The List 7 Anime That Take You to The Wild Wild West
by Lynzee Loveridge,
West of the Mississippi used to be a dangerous place teeming with outlaws, cattle thieves, sharpshooter duels in the streets, and the long arm of the law coming to track down any who disrupted the peace. The setting isn't a common one for anime. Japan's equivalent of the wild west might be the more popular Sengoku-era setting with its feuding warlords and samurai. Still, if you're looking for a trip down the dusty trail, anime does have a few options, just don't be surprised if they also include samurai, magic, or giant robots.
7. Cowboy Bebop The vast frontier of Cowboy Bebop is a vision of space where outlaws fly planet-hopping spaceships, and bounty hunters risk their lives to capture them. The show's Western sensibilities are just one facet of a show that also blends the mafia with a beautifully executed jazz soundtrack. In episode 22, the writers decide to play up the Western aesthetic by introducing another Spike, named Andy and wearing a complete cowboy get-up. The character is used to humorously illustrate Spike's role as the series' "Space Cowboy."
6. Wild Arms - Twilight Venom Ah, Wild Arms, I never did escape your impossible maze when I was 12. For those who don't remember the PSOne, Wild Arms is a Western-flavored Japanese RPG series involving demons, magic-users, and guns called ARMS. The late 90s game spawned a whole franchise, including an anime that has loose tie-ins with the second entry in the game series. The show stars a handsome sharpshooter named Sheyenne who has his brain transplanted into a 10-year-old. He's determined to shoot his way through any obstacles that keep him from recovering his original body. The series hits enough notes to be included on this list, but those looking for a straight Western might find the blend of supernatural beings and magic too weird.
5. Grenadier Cowboys and samurai cross paths in Grenadier, a fanservice-heavy show about Rushuna, a "senshi" (gun-wielder) and her samurai partner Yajirō as they head to the city of Tento to face off against the mysterious Jester. There's plenty of time in between for hotspring visits, because any serious skirmish they find themselves in is offset by Rushuna's gun-loading technique; she reloads her revolver with bullets from her cleavage. This isn't a serious show by any stretch of the imagination, obviously.
4. Gun x Sword Gun x Sword suffers from appearing too similar to the much more popular Cowboy Bebop. Both star lanky guys in suits with dark hair that are always desperate for a meal. That's too bad because Gun x Sword is entertaining in its own right, with the added bonus of giant robot battles against cheesy, "ominous" villains like The Claw. Gun x Sword is Western camp with a hearty helping of anime tropes. Where else will you find mechas with names like "Dahlia of Wednesday?"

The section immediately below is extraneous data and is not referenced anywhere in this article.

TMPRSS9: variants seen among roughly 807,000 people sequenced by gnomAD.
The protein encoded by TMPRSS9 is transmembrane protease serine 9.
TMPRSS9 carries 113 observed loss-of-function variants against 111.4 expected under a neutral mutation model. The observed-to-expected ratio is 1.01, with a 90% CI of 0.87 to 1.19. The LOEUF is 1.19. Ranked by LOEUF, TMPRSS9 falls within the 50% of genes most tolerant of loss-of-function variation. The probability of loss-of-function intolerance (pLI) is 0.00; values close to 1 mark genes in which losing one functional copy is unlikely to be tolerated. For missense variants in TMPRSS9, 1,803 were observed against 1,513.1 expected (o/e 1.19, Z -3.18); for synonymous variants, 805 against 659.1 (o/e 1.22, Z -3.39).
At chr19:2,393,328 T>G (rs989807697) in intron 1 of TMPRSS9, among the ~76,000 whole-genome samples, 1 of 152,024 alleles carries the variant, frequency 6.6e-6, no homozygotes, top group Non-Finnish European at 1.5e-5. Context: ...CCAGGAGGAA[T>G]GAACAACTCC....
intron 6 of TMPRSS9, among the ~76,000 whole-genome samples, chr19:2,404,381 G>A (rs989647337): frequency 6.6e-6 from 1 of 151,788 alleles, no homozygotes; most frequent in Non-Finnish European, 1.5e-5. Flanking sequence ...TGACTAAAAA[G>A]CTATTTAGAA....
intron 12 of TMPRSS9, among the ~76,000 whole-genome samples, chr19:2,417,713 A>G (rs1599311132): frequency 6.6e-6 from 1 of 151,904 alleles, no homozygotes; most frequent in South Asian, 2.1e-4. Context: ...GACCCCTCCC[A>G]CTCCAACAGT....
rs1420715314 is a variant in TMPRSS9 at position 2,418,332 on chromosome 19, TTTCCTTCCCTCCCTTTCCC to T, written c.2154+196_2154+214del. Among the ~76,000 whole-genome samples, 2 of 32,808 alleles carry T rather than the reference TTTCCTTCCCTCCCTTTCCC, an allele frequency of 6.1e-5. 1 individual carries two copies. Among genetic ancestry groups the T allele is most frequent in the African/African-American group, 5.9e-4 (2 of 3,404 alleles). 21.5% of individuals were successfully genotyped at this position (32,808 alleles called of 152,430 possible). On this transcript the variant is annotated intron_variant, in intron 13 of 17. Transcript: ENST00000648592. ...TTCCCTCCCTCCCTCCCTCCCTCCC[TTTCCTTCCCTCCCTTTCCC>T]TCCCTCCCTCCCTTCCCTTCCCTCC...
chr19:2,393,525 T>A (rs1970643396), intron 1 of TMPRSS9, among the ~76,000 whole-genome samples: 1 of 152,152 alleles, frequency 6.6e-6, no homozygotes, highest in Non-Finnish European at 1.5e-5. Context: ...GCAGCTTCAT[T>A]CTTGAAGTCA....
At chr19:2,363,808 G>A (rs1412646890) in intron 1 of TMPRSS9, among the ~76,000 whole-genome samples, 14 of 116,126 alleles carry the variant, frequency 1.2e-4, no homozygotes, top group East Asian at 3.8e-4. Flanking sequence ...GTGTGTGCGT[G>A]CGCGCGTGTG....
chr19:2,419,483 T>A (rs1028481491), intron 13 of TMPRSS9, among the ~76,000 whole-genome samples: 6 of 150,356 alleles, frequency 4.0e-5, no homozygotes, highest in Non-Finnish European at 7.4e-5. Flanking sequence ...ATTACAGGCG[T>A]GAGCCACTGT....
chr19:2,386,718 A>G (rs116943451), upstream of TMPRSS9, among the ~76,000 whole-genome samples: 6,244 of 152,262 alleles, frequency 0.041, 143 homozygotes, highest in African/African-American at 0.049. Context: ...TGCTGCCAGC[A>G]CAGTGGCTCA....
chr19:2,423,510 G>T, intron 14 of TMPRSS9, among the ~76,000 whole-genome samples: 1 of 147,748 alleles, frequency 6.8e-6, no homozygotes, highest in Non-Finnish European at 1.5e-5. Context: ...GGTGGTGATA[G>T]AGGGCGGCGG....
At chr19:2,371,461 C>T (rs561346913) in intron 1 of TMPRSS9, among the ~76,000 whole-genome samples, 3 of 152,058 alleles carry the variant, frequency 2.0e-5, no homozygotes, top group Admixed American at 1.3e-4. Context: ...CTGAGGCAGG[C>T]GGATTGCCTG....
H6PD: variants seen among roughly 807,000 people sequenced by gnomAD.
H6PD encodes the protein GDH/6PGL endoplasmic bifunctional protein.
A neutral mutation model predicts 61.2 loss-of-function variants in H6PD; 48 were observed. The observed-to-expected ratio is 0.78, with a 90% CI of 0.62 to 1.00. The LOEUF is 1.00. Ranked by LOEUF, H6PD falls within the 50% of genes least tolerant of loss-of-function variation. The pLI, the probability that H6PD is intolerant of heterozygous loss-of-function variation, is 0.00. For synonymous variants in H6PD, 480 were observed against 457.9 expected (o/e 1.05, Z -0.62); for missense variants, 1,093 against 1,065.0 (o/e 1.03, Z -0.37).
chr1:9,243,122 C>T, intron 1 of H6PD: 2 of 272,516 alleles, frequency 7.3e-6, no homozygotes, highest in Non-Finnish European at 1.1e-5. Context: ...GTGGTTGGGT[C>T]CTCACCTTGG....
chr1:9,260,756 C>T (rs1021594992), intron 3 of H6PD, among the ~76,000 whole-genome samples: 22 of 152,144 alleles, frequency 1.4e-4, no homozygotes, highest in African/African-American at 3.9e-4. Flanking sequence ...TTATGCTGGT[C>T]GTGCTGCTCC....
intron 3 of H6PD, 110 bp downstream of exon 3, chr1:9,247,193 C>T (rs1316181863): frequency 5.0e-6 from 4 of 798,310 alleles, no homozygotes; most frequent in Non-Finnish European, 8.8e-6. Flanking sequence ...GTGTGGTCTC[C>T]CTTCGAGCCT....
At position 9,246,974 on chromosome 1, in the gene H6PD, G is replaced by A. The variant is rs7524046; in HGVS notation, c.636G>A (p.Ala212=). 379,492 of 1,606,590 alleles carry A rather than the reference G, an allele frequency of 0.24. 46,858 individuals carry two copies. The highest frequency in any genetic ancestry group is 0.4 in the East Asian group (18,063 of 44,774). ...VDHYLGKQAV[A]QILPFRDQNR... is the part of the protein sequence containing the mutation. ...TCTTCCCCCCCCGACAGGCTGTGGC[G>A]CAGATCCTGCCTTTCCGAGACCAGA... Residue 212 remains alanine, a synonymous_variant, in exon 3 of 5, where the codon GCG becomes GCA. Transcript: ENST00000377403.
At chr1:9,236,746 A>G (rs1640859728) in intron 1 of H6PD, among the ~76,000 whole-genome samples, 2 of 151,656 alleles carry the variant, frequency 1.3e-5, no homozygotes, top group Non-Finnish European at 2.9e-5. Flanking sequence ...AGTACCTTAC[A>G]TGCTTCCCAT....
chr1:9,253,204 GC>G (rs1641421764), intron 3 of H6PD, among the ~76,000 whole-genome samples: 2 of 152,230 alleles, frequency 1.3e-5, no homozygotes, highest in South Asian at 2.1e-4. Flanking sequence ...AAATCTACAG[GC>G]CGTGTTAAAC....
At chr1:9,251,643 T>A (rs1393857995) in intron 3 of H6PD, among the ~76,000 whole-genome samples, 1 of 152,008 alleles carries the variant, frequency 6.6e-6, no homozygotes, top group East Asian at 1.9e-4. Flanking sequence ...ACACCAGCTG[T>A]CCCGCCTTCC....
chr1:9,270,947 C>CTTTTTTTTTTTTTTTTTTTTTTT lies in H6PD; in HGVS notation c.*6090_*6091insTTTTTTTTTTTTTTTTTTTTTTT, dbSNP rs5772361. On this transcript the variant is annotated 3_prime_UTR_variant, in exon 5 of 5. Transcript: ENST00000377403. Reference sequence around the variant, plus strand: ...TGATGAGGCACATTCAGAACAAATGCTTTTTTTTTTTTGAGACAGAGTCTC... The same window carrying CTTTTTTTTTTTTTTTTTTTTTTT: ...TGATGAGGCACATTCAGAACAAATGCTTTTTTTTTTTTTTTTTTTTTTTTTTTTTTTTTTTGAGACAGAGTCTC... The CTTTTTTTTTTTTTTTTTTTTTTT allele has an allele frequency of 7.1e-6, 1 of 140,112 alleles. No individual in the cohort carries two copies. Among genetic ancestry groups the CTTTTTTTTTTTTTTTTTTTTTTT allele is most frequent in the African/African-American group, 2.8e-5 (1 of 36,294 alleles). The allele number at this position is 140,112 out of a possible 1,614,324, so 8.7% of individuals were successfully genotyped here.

3. Trigun It's a post-apocalyptic wild west on the planet of Gunsmoke and Vash the Stampede is a destructive tornado blazing through the ramshackle desert towns. Pursing him are two insurance agents, both well attuned with their own weapons and trying to minimize the carnage Vash leaves in his wake. The catch is that most of the destruction attributed to Vash is incidental. The guy is actually a goofball pacifist who attracted attention from the wrong crowd. The result is a series of shootouts featuring some of the craziest gunslingers to show up on screen.
2. El Cazador de la Bruja Two women searching for answers in the desert: one a gun-slinging bounty hunter and the other a suspected murderer on the lamb. The duo's road trip takes them through Mexico and further south in search of the truth behind Ellis' superhuman powers and a past she can't remember. The trip turns into a giant game of cat-and-mouse, as they attempt to continually evade their bounty hunter pursuers. The entire adventure could be described as a gun-action, supernatural road trip with plenty of deserted towns and dusty landscapes.
1. Gun Frontier Gun Frontier reimagines the characters of Leiji Matsumoto's popular space opera series as survivors on the frontier in America's west. Space Captain Harlock is instead just a regular sea captain that gave up his boat for pistols to follow Tochiro Oyama, a Japanese immigrant whose entire town was wiped out. Together, the two search for the human remains of the town's residents Their journey brings them into contact with plenty of undesirable types, and so they find themselves righting wrongs across the Old West.
The new poll: Have you seen the anime "classics"? Many Japanese college students have revealed they haven't seen or read big name titles like Dragon Ball or Gundam. What series not included in the poll do you consider classics?
The old poll: What makes a show anime?
The majority said a show has to be animated in Japan to be anime (42.3%), while others selected that it only has to "look like anime" regardless of its country of origin (24.2%), while another quarter said it must be animated in Japan, by Japanese animators, for a Japanese audience (23.1%). Some were less picky, saying it only must be animated in Japan for a Japanese audience but the staff's nationality is not important (20.5%).
When she isn't compiling lists of tropes, topics, and characters, Lynzee works as Managing Interest Editor for Anime News Network and posts pictures of her sons on Twitter @ANN_Lynzee.
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